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Posted by oldherper on April 03, 2003 at 08:10:17:
In Reply to: Re: Example of black pine w/ lots of pattern. posted by herpsc on April 03, 2003 at 07:16:12:
Yep, he's pretty typical of the intergrades I saw from that area, which is pretty much the easternmost limit (Escambia and Baldwin counties)of the lodingi range. Beautiful animal. One of my old herping buddies, a guy by the name of Tommy Yarbrough (now unfortunately deceased) knew as much about these animals (lodingi, mugitus, melanoleucus)as anybody except maybe Bob Mount from Auburn University's Biology Department. Tommy wasn't a college educated herpetologist, but had as much field experience and practical knowledge of the natural history of herpetofauna of the southern U.S. as anybody I ever met. He was an old-timer to me then (25 or 30 years ago), and I learned a load of stuff from him about field collecting and the captive husbandry of reptiles and amphibians.
Thoughts on protection:
In the old days, we (collectors, collectively)collected hundreds and even thousands of animals from the wild. Techniques for breeding animals in captivity were still pretty much in their infancy then. Did we have a negative impact on wild populations? I don't know. I don't think so. I didn't see much difference in the numbers collected from year to year in any particular locale. If a snake was rare one year, it was still rare the next. If it was common one year it was still common the next. Many animals that were considered rare, really weren't but their natural history was poorly understood. In other words, we just didn't know how to find them. This is especially true of fossorial species. Pine snakes are wherever you find them, for the most part (some will use gopher burrows, etc. but not to the same degree as some other animals). Sort of like Canebrake rattlesnakes. Species such as Indigo snakes and Eastern Diamondbacks are easily over collected in a particular area because they are easy to locate. They depend largely on Gopher Tortoise burrows for shelter. I like to think that we had sort of unwritten rules about overcollecting these kinds of animals in a particular area.
What I see now is subdivisions and shopping malls and industrial and office parks squarely on top of what was once prime habitat. That is the way you wipe out a species, especially one with limited range and narrow, specific habitat requirements. I really feel that it is because of habitat destruction that protection is even necessary these days, in most cases. We have hammered the populations so hard by destroying their habitats, that the remaining poulations are under extreme pressure and ANY collecting can be detrimental. Animals like pine snakes each need a specific amount of individual range. You can't take a population that would naturally inhabit 200,000 acres and relocate them to an area of 2,000 acres and expect them to thrive. There is a project in Mobile County now to relocate a population of Gopher Tortoises to make way for a road construction project. Essentially what they are attempting to do is to condense a population into half it's normal area. Granted, the population, as it exists now, is less that what it would be if that area were uninhabited by humans. I don't know about the prospects for success. I hope it works. At least they are TRYING to do SOMETHING. What you have to take into account, though is the sympatric and dependent species. Are they going to relocate those also? How in the world would you do that?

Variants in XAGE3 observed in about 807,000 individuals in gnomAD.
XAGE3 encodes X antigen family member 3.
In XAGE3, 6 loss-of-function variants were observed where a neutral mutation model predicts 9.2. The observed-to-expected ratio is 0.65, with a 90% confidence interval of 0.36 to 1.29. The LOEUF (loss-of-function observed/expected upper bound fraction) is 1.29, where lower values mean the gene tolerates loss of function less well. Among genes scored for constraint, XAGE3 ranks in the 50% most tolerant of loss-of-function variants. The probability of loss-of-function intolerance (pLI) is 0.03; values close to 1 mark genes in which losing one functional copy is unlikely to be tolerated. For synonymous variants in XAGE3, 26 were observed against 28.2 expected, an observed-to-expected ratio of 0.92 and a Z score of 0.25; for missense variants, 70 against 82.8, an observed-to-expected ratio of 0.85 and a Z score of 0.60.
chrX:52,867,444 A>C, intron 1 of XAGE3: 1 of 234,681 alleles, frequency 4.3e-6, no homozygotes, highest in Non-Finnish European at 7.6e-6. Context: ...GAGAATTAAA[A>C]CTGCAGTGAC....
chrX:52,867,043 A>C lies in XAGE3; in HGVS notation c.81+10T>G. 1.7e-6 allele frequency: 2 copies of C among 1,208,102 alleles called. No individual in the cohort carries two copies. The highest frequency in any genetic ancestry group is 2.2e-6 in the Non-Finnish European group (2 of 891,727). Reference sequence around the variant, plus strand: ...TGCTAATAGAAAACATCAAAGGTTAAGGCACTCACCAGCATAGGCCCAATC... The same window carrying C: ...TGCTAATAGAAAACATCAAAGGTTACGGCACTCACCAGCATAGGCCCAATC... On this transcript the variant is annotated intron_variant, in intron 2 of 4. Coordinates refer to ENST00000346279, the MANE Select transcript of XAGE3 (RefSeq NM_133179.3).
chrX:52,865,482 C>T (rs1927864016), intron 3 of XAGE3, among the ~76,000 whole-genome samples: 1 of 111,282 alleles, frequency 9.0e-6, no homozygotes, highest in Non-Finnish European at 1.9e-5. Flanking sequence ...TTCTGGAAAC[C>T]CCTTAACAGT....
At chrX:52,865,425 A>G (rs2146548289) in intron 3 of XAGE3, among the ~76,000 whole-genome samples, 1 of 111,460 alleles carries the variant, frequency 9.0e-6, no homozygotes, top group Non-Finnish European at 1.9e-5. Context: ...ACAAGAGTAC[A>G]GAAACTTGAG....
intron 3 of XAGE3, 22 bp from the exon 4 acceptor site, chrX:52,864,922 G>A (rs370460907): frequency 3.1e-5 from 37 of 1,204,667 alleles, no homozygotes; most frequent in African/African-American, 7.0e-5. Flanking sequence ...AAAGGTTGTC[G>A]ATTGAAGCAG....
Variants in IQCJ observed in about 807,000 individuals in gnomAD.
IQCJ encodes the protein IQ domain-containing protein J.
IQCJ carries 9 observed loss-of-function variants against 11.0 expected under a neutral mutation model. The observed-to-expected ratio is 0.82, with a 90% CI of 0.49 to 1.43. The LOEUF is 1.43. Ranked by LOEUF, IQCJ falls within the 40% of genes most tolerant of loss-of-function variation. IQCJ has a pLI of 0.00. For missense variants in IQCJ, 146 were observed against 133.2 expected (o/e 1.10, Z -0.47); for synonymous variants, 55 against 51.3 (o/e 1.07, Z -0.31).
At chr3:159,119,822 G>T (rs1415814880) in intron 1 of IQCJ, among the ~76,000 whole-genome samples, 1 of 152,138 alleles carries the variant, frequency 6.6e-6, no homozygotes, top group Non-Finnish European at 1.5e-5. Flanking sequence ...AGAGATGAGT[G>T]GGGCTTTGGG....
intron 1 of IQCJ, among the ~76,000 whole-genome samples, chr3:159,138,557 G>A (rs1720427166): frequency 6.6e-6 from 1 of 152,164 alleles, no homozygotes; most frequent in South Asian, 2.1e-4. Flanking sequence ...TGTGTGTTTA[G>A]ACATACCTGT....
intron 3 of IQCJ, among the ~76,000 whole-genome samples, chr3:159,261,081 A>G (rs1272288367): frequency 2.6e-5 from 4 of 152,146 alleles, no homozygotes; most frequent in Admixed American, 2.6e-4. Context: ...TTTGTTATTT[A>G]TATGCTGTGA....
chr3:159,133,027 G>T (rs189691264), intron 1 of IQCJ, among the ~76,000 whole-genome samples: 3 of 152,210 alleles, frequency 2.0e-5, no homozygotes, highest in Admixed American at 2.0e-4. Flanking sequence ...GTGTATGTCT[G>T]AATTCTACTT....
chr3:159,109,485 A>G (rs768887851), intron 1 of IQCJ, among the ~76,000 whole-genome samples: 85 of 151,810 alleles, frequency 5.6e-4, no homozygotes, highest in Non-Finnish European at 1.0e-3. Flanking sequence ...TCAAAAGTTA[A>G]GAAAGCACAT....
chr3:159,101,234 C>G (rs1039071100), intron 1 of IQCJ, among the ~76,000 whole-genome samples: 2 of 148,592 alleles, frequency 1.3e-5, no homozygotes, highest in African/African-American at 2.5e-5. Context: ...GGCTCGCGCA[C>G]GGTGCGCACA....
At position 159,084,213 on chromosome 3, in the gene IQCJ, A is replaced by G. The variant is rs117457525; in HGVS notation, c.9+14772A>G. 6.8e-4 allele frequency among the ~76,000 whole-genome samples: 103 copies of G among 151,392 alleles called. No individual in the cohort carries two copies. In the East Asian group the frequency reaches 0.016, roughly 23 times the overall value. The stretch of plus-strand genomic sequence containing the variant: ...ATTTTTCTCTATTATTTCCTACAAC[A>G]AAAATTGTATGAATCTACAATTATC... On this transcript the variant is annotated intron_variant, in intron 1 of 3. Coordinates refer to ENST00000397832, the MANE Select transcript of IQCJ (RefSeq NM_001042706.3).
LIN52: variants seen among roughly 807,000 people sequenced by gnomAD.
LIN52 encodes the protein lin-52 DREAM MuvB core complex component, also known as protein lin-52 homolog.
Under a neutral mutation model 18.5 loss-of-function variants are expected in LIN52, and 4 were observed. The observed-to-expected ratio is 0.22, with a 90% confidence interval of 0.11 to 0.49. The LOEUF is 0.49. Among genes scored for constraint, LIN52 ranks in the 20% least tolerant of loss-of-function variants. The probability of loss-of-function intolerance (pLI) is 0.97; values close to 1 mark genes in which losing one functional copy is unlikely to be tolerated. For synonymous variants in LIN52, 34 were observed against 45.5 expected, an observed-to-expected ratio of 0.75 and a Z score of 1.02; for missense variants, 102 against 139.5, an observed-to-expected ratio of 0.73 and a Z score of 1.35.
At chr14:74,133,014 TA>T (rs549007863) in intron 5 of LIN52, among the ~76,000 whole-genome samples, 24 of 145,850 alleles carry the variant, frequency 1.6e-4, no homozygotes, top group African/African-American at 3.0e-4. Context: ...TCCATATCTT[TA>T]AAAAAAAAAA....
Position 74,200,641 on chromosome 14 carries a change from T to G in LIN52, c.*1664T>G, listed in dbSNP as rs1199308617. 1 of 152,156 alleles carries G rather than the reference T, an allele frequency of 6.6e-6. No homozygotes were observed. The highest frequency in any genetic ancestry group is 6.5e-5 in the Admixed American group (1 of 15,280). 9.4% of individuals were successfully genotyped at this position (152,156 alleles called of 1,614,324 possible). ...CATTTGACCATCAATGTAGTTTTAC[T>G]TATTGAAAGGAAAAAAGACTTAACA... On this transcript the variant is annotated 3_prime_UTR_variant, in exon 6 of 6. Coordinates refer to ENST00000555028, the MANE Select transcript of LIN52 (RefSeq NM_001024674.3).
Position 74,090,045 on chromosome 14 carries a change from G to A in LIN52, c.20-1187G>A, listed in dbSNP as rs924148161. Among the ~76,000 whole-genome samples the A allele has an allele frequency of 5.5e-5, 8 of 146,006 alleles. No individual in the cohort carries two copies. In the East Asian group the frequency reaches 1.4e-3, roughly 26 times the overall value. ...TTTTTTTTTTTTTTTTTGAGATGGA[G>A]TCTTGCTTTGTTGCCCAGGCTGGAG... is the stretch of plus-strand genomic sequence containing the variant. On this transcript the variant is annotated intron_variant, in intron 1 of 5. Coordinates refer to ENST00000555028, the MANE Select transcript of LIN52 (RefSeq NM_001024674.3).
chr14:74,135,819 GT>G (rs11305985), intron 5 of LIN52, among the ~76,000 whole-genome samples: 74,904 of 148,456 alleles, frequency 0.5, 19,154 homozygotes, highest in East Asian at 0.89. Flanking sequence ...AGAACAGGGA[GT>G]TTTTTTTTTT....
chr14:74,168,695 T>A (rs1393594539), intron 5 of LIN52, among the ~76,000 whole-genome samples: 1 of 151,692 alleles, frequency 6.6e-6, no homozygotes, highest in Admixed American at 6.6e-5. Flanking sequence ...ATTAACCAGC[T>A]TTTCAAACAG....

OK...off soapbox for now.
:Here's a pic of my adult male from Escambia Co. Florida stock. This is a naturally occurring intergrade. His babies showed a lot more pattern than baby lodingi ... one of his babies looks pretty much like a mugitus that's just a darker "chestnut" color. One thing is for sure, the intergrades have the mugitus genes for size ... this guy is about 7 ft.